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The Economic Returns to Field of Study and Competencies Among Higher Education Graduates in Ireland

  • Elish Kelly

    (Economic and Social Research Institute (ESRI))

  • Philip O'Connell

    (Economic and Social Research Institute (ESRI))

  • Emer Smyth

    (Economic and Social Research Institute (ESRI))

This paper looks at the economic returns to different fields of study in Ireland in 2004 and also the value placed on various job-related competencies, accumulated on completion of higher education, in the Irish labour market. In examining these issues the paper seeks to control for potential selection influences by ensuring through quantile regression that comparisons are made within sections of the wage distribution where ability differences are likely to be minimal. The impact that education-job mismatch, both education-level and field, has on earnings is also taken into consideration. The results derived indicate that, relative to the base case, there are higher returns to Medicine & Veterinary, Education, Engineering & Architecture, Science and Computers & IT. The quantile regression analysis reveals that the OLS estimates are not particularly affected by unobserved heterogeneity bias. Furthermore, this approach indicates that field specific returns diminish the more able the graduate. Small but significant returns were found for some of the competencies analysed, in particular technical skills.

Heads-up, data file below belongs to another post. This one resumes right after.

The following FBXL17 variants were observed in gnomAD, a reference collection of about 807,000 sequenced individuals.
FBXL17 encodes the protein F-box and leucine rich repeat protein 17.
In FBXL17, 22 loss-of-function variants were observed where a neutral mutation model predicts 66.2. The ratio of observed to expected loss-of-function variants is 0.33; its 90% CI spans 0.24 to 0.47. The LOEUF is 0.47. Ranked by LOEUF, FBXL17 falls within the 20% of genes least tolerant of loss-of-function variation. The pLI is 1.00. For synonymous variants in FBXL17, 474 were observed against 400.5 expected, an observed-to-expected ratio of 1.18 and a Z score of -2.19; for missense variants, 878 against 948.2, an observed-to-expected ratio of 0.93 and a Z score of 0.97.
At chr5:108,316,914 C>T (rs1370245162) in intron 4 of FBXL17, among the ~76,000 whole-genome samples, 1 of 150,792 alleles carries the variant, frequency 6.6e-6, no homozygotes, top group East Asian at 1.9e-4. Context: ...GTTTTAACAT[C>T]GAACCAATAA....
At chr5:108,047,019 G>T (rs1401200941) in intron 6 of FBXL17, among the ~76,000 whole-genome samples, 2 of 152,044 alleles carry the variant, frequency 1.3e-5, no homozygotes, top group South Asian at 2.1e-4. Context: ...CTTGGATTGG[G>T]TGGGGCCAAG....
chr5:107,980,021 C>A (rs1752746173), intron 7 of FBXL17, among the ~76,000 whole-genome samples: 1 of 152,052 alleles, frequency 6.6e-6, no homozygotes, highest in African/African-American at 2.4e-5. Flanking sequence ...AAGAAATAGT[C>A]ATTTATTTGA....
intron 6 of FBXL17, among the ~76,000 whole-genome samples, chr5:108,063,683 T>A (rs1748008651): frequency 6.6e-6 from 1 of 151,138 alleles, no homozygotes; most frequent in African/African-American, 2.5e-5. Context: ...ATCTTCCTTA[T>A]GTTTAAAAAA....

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File URL: http://www.esri.ie/UserFiles/publications/20080716090749/WP242.pdf
File Function: First version, 2008
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Paper provided by Economic and Social Research Institute (ESRI) in its series Papers with number WP242.

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Length: 24 pages
Date of creation: May 2008
Date of revision:
Handle: RePEc:esr:wpaper:wp242
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  9. O'Connell, Philip J. & Russell, Helen, 2006. "Does it Pay to Go Public? Public/Private Wage Differences among Recent Graduates in Ireland," Quarterly Economic Commentary: Special Articles, Economic and Social Research Institute (ESRI), vol. 2006(3-Autumn), pages 64-79.
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  17. S. Mcguinness, 2003. "Graduate overeducation as a sheepskin effect: evidence from Northern Ireland," Applied Economics, Taylor & Francis Journals, vol. 35(5), pages 597-608.
  18. Jacob A. Mincer, 1974. "Introduction to "Schooling, Experience, and Earnings"," NBER Chapters, in: Schooling, Experience, and Earnings, pages 1-4 National Bureau of Economic Research, Inc.
  19. Buchinsky, Moshe, 1994. "Changes in the U.S. Wage Structure 1963-1987: Application of Quantile Regression," Econometrica, Econometric Society, vol. 62(2), pages 405-58, March.
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  22. Dolton, Peter & Vignoles, Anna, 2000. "The incidence and effects of overeducation in the U.K. graduate labour market," Economics of Education Review, Elsevier, vol. 19(2), pages 179-198, April.
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